Almost everyone has an idealized picture of who they’d like to be. It’s a picture that they measure up to in some ways and fall short of in others, and thus it becomes part of a personal dream to find ways to measure up in those areas that are lacking.
I have personal goals and entrepreneurial goals and hobby goals, all of which lead me to being the person I want to be. I want to change some aspects of who I am. I want to build a business or two. I want to become more involved in my hobbies. Those elements all contribute to that picture of who I want to be.
The thing is, in each case, it looks very tempting to just spend money as a shortcut to get to that destination that I want. I can see where I am. I can see where I want to be. And spending money looks like a tempting shortcut across that chasm.
It’s an illusion, though. The path from where I’m at now to where I want to be has a cost, but that cost is almost always time and effort, not money. You can’t buy who you want to be.
Here’s an example of what I’m talking about from each of those areas in my life – personal goals, entrepreneurship goals, and hobby goals.
A Personal Example: My Health Journey
As I’ve mentioned on here many times, my health goal for the next year or two is to get back into the best shape of my life, similar to the shape I was in when I was in college. Doing that requires a lot of cardio, some strength training, and some weight loss.
The path to getting there is pretty clear. I need to eat less and I need to be smarter about what I do eat, and I also need to exercise.
However, there are a lot of products that pledge to make that path easier for me. I can buy Fitbits, DVDs, gym memberships, athletic shoes, athletic clothes, and so on. I can buy meal replacements and dieting books and dietary supplements.
All of those things carry a supposed promise of making this journey easier in some way, but in the end it still comes down to my choice. Am I going to put fewer things on my plate? Are those things going to be healthier things? Am I going to consistently exercise?
Buying all of that stuff – the Fitbits and the gym memberships and the meal replacements – doesn’t make me any healthier. What makes me healthier is smart choices at meal time and when I’m tempted to snack. What makes me healthier is the decision to get some exercise each day.
You can’t buy those decisions. You have to make them yourself.
An Entrepreneurship Example: Building a YouTube Channel
I’ve also mentioned that I have a really great idea for a YouTube channel, one that I’ve fleshed out quite a bit. I am fairly sure that I have the basis for a solid little side business here.
But how do I get started?
I could easily start throwing money at this. Money buys cameras, microphones, editing software, lighting tools, animation help, and so on. It could all easily turn into a black hole of money where I accumulate a lot of tools that supposedly help me make better videos.
The truth, though, is that this does not build any kind of successful YouTube channel. It’s just a bunch of stuff.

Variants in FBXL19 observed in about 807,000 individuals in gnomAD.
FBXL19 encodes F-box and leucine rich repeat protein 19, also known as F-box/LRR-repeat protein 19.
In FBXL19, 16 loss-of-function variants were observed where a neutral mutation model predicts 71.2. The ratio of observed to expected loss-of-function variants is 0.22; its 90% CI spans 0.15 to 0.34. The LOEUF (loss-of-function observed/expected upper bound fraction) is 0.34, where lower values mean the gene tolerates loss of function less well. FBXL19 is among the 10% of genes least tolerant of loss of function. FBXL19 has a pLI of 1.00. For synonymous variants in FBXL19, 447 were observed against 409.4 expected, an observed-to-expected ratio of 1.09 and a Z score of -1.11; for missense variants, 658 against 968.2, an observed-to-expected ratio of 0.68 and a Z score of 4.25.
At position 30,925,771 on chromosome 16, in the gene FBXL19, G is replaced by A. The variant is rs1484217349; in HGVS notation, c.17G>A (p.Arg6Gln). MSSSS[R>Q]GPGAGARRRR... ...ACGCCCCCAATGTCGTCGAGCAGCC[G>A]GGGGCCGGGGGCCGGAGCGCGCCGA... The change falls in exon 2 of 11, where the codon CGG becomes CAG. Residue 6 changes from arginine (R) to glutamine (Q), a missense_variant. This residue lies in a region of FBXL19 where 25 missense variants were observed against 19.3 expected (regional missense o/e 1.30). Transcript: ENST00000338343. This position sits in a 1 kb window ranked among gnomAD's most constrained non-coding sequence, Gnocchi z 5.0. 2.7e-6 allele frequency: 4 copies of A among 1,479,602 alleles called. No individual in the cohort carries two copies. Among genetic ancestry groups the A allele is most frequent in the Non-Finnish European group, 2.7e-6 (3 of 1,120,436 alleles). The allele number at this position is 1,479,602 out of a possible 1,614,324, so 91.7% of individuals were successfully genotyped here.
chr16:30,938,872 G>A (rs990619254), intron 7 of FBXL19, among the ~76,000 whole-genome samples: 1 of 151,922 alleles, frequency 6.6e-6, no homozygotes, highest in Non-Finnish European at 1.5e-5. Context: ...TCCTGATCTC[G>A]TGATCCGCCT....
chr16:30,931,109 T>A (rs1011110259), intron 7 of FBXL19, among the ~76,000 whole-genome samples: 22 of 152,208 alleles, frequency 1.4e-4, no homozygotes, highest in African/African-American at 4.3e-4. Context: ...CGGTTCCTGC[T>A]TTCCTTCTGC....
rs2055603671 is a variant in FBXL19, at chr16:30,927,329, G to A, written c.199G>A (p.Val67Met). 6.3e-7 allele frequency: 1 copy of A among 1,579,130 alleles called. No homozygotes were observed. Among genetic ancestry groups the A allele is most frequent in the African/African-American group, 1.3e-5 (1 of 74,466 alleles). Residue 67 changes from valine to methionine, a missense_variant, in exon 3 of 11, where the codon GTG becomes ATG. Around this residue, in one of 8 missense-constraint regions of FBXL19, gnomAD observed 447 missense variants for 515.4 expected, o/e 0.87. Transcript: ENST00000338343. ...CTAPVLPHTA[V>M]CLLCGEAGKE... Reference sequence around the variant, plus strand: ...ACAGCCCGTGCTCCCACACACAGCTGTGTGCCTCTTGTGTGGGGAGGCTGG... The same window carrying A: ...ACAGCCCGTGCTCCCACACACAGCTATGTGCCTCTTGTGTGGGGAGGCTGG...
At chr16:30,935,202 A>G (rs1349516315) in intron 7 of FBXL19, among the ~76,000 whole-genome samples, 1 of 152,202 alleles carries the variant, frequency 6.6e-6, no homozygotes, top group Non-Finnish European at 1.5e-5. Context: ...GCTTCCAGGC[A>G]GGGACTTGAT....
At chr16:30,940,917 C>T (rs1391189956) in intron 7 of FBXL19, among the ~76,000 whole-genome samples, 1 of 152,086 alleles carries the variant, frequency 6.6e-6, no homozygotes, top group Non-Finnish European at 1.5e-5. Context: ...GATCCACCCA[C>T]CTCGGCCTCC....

The recipe for making this work involves simply making compelling videos with the tools that I already have. I can upgrade the equipment later if I need to, but none of that matters if I’m not making well-considered videos that people enjoy. If I’m not making the videos, then all of that stuff does nothing except take up space.
I need to make videos, not buy stuff.
A Hobby Example: Homebrewing
Making beer at home is one of my favorite hobbies. I’ve spent many a weekend brewing up a new batch of beer with my homebrewing equipment.
The thing is, I could make the whole process a little more efficient by buying some equipment. I could dump money into kettles and racks and books and magazines and ingredients and bottles and propane burners and fermenting tanks and mash tuns… the list goes on and on and on.
Here’s the thing, though: I can still make an infinite variety of homebrewed beers using the equipment I already have, and those items would just save me a minute or two on a process that I already enjoy. While it would be fun to have some of those things, they don’t replace or even significantly enhance my enjoyment of actually brewing.
The joy comes from standing in the kitchen and smelling the boiling wort. The joy comes from piecing together recipes from notes in arcane corners of the internet. The joy comes from popping the top of the first bottle of a new batch and hearing that whoosh of carbonation and trying that first taste.
That’s the joy of homebrewing, and it doesn’t come from thousands of dollars in equipment and materials.
The List Goes On and On and On and…
This phenomenon of spending money as some kind of shortcut to the person you want to be shows up again and again and again in all aspects of life.
It shows up in almost every hobby. It shows up in almost every area of self-improvement. It shows up in almost every personal interest.
Again and again, we’re told that, in order to get to where we want to be in some aspect of life, we just have to open our wallet.
And it’s all a trick to make money for someone else.
Do, Don’t Buy